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Re: IBM's interpretation of the GNU GPL contract

From: Alexander Terekhov
Subject: Re: IBM's interpretation of the GNU GPL contract
Date: Fri, 24 Nov 2006 11:22:58 +0100

rjack wrote:
> A GPL source code contributor can sue only on a copyright infringement

I'd actually *pay* a pretty penny to see Eben litigating the GPL on a 
copyright infringement theory (contract theory aside for a moment). That 
crazy moron is on record: (thanks a bunch for the transcript, GNUtian 

Chair: [snip: introductions of other panelists] ...and Eben Moglen from
Colombia law school.

Eben Moglen: Yeh, I also make lawyers, I teach something called "Law and
The Information Society", I'm not too keen on "cyberspace". I'm the
general counsel of the Free Software Foundation, and I'm trying to
report on the revolution which is destroying intellectual property. Of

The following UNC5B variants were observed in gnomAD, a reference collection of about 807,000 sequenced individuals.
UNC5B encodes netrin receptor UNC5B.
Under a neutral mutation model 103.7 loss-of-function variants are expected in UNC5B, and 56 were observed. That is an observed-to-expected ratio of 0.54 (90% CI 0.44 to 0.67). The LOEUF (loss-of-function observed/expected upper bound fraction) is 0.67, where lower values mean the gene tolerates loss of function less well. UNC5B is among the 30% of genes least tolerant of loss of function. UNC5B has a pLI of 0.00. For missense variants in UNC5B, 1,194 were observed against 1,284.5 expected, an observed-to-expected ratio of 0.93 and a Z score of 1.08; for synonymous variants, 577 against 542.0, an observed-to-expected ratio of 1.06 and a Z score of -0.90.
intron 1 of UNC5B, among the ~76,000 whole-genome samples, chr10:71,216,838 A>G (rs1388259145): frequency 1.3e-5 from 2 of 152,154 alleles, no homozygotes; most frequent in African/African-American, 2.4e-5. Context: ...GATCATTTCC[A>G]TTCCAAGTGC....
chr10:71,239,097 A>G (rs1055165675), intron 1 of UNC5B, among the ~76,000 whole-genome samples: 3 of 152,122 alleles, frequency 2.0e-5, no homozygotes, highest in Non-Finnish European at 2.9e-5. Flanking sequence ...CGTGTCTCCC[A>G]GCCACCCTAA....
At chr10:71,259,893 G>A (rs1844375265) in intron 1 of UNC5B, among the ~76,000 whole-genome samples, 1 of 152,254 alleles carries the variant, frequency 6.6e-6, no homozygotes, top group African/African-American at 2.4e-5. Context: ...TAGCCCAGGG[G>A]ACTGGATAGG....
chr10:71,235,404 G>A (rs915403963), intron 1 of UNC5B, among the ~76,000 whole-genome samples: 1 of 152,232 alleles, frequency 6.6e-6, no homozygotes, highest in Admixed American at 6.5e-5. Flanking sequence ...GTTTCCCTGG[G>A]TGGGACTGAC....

which I am entirely in favour.

15 minutes in:

Let's look at where that gets us, so we can stop this nonsense about the
DMCA as a copyright law. We used to have a copyright law, and under the
copyright law it was copyright infringement to photocopy books and hand
copies out to your friends. You never read a case, because there never
was a case, in which under the copyright law, somebody was charged with
a federal legal offence of any kind for writing a book about how
photocopiers work or for distributing blue prints of photocopiers or for
manufacturing and selling photocopiers. When you see a legal regime that
is engaged in trying to charge people for doing those things, you can be
pretty sure it's not the copyright law, it's something else. The fact
that they put the word copyright in the title doesn't make it a
copyright law folks. It's actually a technology control law designed to
build a leak proof pipe from any production studio that the five
companies that make music and the eight companies that make movies care
to make. A leak proof pipe that goes from there to you eyeball or